"Don't trouble, Lily," said he, hastily. "I'll go and find her myself." And in an

instant he stood on the front verandah, and walked along towards the shady end.

"Bad case that," remarked Freda as she listened to the lover's impatient foot- step. "I couldn't make out why he stayed on looking so uncomfortable."

"Yes, wasn't he palpably uncomfort- able," said Margaret. " It was very awk- ward, for I really didn't know what to do

for him."

"He is a nice kind of fellow, I think a surveyor, eh ?"

"Yes, he passed his final examination very creditably indeed a few months ago. He is a nice fellow, but shy for a man, and

a Colonial."

"And what does Nan say ?"

"That's a question nobody can answer until he speaks," said Margaret. "She is very reticent and proud - and shy too."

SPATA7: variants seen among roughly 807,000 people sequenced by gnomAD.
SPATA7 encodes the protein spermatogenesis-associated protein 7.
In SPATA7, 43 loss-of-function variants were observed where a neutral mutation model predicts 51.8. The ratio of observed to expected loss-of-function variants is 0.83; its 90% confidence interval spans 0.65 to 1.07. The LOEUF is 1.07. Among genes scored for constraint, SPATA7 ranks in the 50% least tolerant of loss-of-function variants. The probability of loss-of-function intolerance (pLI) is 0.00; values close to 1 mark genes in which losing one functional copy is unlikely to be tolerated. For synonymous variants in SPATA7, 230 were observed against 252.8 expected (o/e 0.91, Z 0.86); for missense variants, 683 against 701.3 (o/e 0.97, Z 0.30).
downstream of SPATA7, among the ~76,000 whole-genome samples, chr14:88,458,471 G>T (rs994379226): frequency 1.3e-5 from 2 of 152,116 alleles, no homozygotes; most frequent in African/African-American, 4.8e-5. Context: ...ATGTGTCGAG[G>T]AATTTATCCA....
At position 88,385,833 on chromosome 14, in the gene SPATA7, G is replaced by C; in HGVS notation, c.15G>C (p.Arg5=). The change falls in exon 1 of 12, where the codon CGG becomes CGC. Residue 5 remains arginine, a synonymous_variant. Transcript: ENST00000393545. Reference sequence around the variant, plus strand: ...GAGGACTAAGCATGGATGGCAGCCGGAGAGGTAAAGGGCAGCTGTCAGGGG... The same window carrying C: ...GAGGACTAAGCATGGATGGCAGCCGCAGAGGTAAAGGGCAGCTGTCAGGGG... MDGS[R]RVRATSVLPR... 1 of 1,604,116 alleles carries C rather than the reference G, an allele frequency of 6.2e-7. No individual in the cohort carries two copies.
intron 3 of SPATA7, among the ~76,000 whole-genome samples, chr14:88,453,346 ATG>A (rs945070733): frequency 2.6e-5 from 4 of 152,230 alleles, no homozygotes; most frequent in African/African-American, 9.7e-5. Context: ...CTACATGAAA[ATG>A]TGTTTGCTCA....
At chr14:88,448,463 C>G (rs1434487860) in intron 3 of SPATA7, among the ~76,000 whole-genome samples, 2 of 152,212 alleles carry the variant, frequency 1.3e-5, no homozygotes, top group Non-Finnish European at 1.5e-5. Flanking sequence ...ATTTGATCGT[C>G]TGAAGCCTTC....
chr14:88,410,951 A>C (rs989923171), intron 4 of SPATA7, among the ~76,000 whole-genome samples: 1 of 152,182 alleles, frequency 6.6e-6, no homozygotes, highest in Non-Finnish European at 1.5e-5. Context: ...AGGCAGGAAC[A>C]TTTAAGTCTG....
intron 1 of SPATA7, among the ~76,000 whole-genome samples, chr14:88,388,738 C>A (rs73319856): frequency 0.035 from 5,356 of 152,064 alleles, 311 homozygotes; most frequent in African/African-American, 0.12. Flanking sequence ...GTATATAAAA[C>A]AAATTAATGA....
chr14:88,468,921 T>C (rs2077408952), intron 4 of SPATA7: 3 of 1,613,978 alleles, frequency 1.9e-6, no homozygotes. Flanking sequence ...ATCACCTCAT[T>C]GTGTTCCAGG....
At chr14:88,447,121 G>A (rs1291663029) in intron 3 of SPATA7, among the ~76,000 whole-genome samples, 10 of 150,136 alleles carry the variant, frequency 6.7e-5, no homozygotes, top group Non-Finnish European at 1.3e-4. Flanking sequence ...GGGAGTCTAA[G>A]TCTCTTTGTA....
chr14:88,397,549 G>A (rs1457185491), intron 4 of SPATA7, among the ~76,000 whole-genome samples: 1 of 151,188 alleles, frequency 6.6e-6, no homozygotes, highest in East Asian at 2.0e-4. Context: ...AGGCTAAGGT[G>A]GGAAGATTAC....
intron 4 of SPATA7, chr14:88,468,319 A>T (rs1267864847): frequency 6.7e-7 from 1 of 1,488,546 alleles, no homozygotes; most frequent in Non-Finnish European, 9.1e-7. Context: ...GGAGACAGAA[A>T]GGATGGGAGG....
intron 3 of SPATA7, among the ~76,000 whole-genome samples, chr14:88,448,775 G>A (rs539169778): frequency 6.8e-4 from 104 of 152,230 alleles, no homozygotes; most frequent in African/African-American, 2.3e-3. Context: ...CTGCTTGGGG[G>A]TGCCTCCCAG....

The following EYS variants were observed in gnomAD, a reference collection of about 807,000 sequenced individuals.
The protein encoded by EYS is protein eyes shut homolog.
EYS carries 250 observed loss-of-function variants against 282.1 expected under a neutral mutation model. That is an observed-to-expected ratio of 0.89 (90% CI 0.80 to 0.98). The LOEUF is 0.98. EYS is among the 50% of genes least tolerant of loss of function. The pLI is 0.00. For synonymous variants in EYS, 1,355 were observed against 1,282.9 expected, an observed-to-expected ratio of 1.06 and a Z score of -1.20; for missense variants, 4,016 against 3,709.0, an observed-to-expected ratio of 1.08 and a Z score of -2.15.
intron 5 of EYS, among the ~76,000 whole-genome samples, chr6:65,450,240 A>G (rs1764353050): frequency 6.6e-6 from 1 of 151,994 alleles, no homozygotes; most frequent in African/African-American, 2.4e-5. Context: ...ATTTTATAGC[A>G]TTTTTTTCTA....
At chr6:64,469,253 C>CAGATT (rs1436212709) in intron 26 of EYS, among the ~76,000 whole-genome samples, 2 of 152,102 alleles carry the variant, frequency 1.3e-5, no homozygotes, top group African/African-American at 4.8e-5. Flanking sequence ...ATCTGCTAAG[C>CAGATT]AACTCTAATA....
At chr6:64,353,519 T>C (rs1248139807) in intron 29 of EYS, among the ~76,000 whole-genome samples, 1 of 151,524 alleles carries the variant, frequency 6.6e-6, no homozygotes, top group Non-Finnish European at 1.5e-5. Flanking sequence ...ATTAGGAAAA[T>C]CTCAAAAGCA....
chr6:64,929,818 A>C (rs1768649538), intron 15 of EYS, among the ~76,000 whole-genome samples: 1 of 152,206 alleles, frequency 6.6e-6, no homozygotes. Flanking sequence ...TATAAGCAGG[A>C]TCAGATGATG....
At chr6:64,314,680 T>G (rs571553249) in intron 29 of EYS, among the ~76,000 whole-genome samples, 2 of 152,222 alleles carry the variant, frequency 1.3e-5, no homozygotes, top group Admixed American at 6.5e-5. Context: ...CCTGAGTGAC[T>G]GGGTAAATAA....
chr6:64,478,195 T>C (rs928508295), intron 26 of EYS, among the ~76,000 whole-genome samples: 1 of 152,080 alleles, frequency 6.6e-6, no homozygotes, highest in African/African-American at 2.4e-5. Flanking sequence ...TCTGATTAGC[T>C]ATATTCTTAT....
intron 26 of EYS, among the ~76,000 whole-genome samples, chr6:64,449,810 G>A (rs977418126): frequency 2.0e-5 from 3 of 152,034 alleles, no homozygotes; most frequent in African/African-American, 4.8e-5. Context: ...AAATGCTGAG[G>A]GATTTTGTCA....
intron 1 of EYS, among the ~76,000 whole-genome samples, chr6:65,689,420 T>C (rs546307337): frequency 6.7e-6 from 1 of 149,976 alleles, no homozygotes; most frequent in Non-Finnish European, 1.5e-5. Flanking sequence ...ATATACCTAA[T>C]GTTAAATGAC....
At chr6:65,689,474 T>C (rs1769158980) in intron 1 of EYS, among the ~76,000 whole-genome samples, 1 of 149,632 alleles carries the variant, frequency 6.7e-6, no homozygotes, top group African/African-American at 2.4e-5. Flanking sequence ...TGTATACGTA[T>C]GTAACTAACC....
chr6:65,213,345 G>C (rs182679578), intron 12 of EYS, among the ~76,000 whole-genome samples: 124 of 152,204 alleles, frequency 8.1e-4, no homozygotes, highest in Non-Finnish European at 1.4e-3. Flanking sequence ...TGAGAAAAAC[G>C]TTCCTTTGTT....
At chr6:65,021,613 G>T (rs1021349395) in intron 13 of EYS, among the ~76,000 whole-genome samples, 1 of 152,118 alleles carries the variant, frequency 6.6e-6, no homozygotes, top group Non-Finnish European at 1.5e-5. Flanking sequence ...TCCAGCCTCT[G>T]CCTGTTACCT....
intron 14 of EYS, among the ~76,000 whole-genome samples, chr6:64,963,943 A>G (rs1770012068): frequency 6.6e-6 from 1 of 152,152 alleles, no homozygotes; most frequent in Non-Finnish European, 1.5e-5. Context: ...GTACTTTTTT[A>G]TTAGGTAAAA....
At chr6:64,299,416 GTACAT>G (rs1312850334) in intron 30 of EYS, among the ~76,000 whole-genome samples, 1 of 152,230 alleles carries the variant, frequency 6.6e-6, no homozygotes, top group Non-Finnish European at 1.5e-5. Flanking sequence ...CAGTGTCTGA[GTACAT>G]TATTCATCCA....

"For a girl and a colonial," laughed Lily. "I'm sure I hope they will come to some sort of an understanding soon. They are as ridiculous as a pair of ostri- ches - they think nobody can see what is going on because they won't own to it themselves."

"I say, Fairy Lilian, you are quite an oracle for your years," said Freda, admir- ingly.

"Lots of families culminate in a really smart finish," answered the precocious fairy.

Hilary found Nan seated in a cool verandah chair, with her eyes glued fast to the page of an open book, but at the sound of his steps the words began to dance and radiate, while her lips went suddenly dry.

"I have brought you an orchid," he said, abruptly. "I can get you several more if you care for them, but I wanted to ask if you have got this kind in your

bush house."